Paperback - 1999
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A National and International Bestseller
A Globe and Mail Notable Book of 1998

On a chilly February day two old friends meet in the throng outside a crematorium to pay their last respects to Molly Lane. Both Clive Linley and Vernon Halliday had been Molly's lovers in the days before they reached their current eminence -- Clive as Britain's most successful modern composer, Vernon as editor of the broadsheet The Judge. But gorgeous, feisty Molly had other lovers too, notably Julian Garmony, the Foreign Secretary, a notorious right-winger poised to be the next prime minister. What happens in the aftermath of her funeral has a profound and shocking effect on all her lovers' lives, and erupts in the most purely enjoyable fiction Ian McEwan has ever written.
Publisher: Toronto : Vintage Canada, 1999.
Edition: First Vintage Canada edition
ISBN: 9780676972177
Characteristics: 178 pages ;,21 cm.


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Nov 11, 2018

After having just finished McEvan's book "Nutshell", which I considered to be superb, I was really looking forward to reading this book. It was quite good and kept me engaged almost all the way but the ending is so absurd that I was sorely disappointed. It was as if the author got tired and took the silly way out. It is as if one of his shallow characters wrote the ending! While it is a sarcastic and ironic look at a segment of UK society, it ends like a farce.

Nov 18, 2017

This tight little story simply ran along to its black humour conclusion. Molly Lane dies after battling a degenerative disease. Vernon Halliday, a newspaper editor and former lover of Molly, and another former lover, renowned composer Cline Linely, meet at her funeral and thus starts the runup to a conclusion we don't really see coming until almost the end. I found this very tightly written, and very focused and very descriptive at the same time. We definitely got a sense of who the characters are and how they felt about each other. Throughout I found myself grinning a bit at the humour woven into the whole thing. Great little read.

Aug 05, 2016

I love McEwan's writing. His stories often make me uncomfortable at some point but I'm compelled to plow through my feelings and take in the whole story. It's usually worth it.

TSCPL_ChrisB Jun 03, 2016

Despite receiving several nominations throughout the years, Ian McEwan has won the Man Booker prize only once, with his novel Amsterdam. This one, built primarily on tension and dry humor, reads more like a long short story than even a novella.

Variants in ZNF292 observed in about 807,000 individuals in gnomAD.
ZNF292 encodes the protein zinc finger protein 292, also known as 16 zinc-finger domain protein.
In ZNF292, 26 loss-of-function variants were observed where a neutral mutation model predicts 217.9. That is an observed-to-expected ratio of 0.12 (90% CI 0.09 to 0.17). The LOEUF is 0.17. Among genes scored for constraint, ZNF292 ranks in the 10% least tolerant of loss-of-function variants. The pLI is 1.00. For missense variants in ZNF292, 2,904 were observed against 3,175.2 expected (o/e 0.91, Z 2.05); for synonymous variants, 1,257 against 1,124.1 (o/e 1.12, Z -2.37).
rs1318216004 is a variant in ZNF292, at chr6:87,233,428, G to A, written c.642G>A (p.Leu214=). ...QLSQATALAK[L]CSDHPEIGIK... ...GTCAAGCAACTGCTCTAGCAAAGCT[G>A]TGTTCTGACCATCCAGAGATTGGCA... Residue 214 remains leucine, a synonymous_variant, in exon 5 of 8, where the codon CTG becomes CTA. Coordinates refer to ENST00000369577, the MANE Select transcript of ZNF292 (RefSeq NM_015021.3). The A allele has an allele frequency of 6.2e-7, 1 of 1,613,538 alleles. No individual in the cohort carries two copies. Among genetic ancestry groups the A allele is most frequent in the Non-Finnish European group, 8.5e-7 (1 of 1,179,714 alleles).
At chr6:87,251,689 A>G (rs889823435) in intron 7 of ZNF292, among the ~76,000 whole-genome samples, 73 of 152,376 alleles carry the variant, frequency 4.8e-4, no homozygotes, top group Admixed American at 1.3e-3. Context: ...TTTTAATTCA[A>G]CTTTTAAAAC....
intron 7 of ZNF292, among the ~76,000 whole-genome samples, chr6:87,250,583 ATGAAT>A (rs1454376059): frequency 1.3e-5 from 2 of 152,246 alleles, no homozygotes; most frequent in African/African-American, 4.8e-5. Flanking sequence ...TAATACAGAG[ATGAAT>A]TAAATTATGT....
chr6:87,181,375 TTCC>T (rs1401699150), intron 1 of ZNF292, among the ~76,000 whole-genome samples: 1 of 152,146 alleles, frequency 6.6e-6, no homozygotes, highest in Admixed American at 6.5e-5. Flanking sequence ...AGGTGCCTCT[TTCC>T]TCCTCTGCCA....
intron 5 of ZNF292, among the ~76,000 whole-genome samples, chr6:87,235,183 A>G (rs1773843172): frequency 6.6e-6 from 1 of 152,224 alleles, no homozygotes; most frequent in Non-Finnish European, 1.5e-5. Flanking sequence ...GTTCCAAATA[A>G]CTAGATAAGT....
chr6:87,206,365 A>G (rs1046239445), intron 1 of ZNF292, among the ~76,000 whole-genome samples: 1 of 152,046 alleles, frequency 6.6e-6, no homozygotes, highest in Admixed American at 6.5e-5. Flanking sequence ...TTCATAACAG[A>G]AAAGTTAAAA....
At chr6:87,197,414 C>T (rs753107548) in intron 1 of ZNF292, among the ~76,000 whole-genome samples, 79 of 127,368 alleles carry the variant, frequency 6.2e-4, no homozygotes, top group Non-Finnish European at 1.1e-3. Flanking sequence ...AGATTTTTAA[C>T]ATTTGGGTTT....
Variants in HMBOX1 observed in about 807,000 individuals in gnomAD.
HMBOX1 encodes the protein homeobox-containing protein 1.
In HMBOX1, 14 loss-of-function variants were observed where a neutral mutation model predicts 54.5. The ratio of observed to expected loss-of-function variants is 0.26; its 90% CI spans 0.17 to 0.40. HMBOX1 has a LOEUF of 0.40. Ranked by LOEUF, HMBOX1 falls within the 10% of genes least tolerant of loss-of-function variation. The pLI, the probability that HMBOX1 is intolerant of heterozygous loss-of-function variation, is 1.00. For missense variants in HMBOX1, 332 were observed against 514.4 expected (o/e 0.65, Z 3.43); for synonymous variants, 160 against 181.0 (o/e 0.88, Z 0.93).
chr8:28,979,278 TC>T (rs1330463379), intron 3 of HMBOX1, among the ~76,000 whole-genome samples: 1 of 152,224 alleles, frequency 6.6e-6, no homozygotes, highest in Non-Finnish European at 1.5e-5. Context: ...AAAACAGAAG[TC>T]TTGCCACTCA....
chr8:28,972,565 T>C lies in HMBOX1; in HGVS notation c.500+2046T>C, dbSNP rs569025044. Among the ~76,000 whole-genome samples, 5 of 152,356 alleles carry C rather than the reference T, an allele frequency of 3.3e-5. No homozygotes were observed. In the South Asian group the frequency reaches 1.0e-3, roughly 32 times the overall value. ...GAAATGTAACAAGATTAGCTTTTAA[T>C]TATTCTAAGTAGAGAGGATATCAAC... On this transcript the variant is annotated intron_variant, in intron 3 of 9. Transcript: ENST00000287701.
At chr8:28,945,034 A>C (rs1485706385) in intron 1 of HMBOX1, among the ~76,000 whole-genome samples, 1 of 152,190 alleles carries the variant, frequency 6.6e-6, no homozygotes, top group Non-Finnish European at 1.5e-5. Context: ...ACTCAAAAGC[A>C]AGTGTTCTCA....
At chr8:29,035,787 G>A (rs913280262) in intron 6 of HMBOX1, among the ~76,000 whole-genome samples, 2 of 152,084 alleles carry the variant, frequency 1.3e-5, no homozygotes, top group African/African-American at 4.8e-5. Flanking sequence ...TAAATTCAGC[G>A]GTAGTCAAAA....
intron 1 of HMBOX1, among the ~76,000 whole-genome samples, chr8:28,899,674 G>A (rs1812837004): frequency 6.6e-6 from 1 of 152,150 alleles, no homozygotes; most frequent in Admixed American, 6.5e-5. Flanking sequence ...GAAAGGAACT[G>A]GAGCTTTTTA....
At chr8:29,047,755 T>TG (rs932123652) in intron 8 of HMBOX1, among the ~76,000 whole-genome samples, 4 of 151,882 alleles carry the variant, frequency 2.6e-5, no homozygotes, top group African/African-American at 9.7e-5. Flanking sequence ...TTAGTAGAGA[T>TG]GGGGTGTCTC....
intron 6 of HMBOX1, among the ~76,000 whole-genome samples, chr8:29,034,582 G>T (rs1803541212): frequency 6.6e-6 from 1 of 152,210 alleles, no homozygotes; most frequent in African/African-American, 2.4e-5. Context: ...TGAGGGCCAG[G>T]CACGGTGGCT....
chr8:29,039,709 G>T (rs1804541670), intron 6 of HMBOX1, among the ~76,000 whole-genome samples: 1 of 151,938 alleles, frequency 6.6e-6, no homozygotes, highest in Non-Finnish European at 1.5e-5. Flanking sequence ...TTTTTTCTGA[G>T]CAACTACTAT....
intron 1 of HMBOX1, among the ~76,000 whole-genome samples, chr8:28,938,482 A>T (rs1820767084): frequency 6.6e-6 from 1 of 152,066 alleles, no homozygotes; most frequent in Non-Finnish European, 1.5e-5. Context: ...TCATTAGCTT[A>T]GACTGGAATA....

Nov 26, 2015

This may be my favorite book by Ian McEwan yet. The story built with a tension that increased as the pages turned.
The themes of loyalty, friendship and career are intermixed throughout. A wonderful and well-written story. Of the three of his books that I've read, this one is by far the darkest.
None of these characters is likable but they all exist in real life. That's the scary, tension-filled part.

Apr 11, 2010

I read three quarters of the book, and to be honest, I still had no idea what the book was about, but that didn't matter. While the plot reveals itself towards the end, and the whole book works up to it, the plot line is surprisingly interesting. There wasn't a point during the story when I was actually bored and wishing I didn't have to read through the 175 pages.

Such a refreshing style! I enjoyed not knowing what I was reading.

That being said, did George plan everything to happen this way, or was it all a coincidence that it worked out the way it did? I love the little quirk at the end. Also, I can't get past how Clive sees music: it's like a vivid adventure--he can see the assent up the mountain, the twist in the labyrinth, etc.--and all of this is conveyed through the music. I'd love to see music as a series of scenes, like in a movie (e.g., flight of the bumblebee.. what would water skiing sound like if it were transformed into notes on a page?).

My review does it no justice, and I'm sure not everyone will agree with my assessment of the novel, but it's a pleasant read I'm sure to recommend.

Mar 07, 2010

Another weak Booker. Well-written, but dry. Very british.

Dec 04, 2007

McEwan's best books -- The Child In Time, Enduring Love and Atonement -- have indelible scenes and remarkable story lines. Every McEwan book has its charms, but this one has fewer than most. Won the Booker Prize in 1998.

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